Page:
Posts Tagged ‘Isaac Theatre Royal’

It’s a long time since I’ve won anything.  That may be because I rarely enter a competition.  I’m especially wary of online ones, and the prizes often don’t interest me.  Last week I succumbed to the temptation to enter a competition on Facebook.  The prize was two free tickets to a variety show at the Isaac Theatre Royal, and all I had to do was put the name of the person I’d take with me in a comment.

To my surprise I won, and I duly took Stephen to The First Bite, a Festival Gala that introduced many of the acts featured in Bread and Circus, this year’s World Buskers’ Festival, which is a kind of fringe theatre.  The comperes were the Daredevil Chicken Club who were good, although the stunts with bananas were not to my taste.  I’ve never liked the taste of bananas!

There were two contortionists, Sara Twister from Germany, and Penelope from Limbo.  Both were literally breathtaking, especially Sara’s act with a bow and arrow.  Pedro from Portugal juggled cleverly with a broom, as did a group with olives and a martini (I think they must have been Biggest Little Circus).  I liked Bayley Graham the local tap dancer.  Why do we see so little of this form of dance?  We both thoroughly enjoyed Cocoloco from the U.K. with their clever Alice act.  Other acts were The Raymond and Mr Timpkins Revue (U.K.), Hero-San (Japan), Piff the Magic Dragon (USA), and Le Gateau Chocolat (U.K.).

The show gave some excellent tastes of what can be seen throughout the festival.  It’s a shame that heavy rain today means outside events have been cancelled, but those in covered venues will continue, and the forecast is better for tomorrow.

‘This was an appetising spread
of circus interlaced with bread.

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This rather fearsome mural is on the west wall of the Isaac Theatre royal, behind the Dance-O-Mat.  It’s signed Berst.  I think this must be Bobby ‘Berst’ Hung, who is a tutor at Unitec.  It’s colourful, but perhaps a little scary.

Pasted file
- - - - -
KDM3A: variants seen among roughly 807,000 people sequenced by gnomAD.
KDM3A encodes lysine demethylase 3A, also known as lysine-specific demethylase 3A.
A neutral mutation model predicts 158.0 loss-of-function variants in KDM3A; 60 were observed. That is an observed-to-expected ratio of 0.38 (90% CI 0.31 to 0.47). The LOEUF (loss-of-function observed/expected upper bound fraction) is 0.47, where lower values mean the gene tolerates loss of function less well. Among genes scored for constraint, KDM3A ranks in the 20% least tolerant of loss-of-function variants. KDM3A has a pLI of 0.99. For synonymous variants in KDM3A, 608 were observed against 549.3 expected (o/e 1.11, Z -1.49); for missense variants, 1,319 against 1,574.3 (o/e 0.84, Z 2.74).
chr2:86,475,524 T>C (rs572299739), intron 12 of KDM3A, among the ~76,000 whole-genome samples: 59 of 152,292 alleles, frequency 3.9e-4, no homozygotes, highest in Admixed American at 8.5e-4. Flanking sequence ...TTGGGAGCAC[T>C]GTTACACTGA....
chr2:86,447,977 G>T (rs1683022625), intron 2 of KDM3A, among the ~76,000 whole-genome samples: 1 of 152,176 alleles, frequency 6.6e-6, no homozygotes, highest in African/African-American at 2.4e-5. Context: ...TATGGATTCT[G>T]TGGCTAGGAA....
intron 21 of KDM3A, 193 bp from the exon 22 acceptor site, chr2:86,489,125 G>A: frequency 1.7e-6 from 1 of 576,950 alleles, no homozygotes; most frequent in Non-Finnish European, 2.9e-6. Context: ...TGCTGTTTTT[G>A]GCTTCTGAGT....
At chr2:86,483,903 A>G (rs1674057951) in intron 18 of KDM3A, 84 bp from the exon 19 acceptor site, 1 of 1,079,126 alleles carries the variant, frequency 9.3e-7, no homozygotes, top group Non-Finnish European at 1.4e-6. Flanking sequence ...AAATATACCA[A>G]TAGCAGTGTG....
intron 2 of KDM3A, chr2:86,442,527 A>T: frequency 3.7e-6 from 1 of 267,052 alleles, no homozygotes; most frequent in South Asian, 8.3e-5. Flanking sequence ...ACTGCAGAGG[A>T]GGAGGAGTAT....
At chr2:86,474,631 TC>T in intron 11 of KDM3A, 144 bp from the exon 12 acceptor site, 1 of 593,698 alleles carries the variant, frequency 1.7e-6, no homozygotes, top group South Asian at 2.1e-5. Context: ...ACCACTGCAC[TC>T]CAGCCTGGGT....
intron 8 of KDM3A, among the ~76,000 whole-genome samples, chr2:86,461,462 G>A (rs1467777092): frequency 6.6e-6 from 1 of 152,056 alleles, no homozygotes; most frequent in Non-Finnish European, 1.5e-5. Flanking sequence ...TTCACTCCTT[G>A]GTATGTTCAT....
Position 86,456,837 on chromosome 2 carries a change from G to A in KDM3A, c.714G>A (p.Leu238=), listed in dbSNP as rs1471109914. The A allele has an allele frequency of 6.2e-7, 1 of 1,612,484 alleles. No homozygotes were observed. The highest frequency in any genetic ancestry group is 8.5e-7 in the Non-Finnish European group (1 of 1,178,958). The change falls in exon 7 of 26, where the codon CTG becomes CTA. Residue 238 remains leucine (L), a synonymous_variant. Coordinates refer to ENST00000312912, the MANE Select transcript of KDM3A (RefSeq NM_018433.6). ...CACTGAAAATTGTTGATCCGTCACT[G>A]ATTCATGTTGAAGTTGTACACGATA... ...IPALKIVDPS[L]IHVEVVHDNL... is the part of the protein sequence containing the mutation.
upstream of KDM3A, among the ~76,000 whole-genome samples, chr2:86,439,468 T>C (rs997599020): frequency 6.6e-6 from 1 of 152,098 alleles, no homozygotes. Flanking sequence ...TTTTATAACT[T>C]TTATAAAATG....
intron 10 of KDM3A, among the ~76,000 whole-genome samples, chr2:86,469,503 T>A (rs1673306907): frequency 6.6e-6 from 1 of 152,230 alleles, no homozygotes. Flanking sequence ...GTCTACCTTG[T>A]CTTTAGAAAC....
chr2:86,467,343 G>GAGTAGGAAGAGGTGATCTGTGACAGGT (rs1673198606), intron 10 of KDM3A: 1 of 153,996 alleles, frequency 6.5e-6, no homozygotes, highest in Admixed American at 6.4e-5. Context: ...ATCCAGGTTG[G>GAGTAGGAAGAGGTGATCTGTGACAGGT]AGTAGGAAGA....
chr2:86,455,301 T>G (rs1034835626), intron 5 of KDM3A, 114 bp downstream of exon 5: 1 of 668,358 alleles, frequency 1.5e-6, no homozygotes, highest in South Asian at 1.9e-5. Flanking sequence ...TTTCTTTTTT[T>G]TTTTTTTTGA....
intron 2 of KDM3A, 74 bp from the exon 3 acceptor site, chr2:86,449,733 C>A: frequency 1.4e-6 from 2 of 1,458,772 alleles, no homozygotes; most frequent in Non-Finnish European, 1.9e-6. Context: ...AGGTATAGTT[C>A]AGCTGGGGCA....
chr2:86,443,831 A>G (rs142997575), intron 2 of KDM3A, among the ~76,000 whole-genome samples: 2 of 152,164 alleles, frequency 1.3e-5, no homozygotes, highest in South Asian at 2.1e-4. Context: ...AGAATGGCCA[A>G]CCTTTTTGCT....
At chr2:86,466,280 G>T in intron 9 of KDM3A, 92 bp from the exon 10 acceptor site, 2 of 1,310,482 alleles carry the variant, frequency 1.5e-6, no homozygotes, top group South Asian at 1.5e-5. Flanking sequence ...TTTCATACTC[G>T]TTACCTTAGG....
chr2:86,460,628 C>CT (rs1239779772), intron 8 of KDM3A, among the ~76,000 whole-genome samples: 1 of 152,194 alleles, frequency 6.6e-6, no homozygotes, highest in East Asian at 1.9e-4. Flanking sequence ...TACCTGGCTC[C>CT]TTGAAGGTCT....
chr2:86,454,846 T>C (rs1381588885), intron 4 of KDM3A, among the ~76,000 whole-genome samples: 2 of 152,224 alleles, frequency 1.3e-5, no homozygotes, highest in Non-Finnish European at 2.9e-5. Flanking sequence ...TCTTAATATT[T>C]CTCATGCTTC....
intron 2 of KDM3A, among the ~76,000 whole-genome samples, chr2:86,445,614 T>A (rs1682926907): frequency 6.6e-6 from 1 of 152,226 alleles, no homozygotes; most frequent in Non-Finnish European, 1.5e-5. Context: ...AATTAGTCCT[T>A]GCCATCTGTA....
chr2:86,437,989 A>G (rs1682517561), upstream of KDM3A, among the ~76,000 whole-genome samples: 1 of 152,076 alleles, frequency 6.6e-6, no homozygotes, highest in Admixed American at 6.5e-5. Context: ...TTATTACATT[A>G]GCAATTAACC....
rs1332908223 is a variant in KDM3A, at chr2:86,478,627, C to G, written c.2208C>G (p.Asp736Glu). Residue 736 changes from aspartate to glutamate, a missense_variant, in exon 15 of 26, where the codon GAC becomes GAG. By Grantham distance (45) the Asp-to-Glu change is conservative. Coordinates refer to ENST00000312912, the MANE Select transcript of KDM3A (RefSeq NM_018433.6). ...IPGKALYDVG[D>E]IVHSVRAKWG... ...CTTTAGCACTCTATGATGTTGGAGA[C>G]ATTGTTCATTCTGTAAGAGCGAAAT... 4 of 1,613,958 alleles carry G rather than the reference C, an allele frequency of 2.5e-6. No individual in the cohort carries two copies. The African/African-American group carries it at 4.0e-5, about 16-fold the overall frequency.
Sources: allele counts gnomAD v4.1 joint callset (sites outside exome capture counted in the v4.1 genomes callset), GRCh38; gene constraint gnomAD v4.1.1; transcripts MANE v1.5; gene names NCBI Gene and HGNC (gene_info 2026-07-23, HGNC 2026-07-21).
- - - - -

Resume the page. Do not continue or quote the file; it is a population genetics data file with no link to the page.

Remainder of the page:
‘These purple monsters on the wall
could possibly make your skin crawl.’

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I was moved and inspired by the celebration of the 125th anniversary of Women’s Suffrage in Aotearoa at the Isaac Theatre Royal this afternoon.  Prime Minister Jacinda Ardern was the Keynote Speaker and 40% of the audience were young women from local schools.  After a karakia by Aroha Rereti-Crofts, the introduction by Joanna Norris brought much cheering and clapping which continued throughout the event.  Bel Canto from Burnside High School sang two items, then Mayor Lianne Dalziel spoke with an injunction for us all to be proud of our city and its history.

Bel Canto on stage, Jacinda at left

Jacinda welcomed everyone, especially the babies in the room, and observed that on this day in 1933 Elizabeth McCombs won a by-election in Lyttelton and became our first female member of Parliament.  Ordinary women who have done extraordinary things were honoured.  Jacinda told the stories of two who had signed the suffrage petition.  The first was Christina Henderson who taught at Christchurch Girls’ High School.  The second was Catherine Wiltshire who in 1876 was hailed as the ‘Greatest Female Pedestrienne in the World’.  Catherine was Jacinda’s great-great-grandmother.

Nineteen young women then came on stage to ask questions of the Prime Minister, and these are some of her responses:

Q  What lessons have you learned from the Suffrage movement?
A  Never give up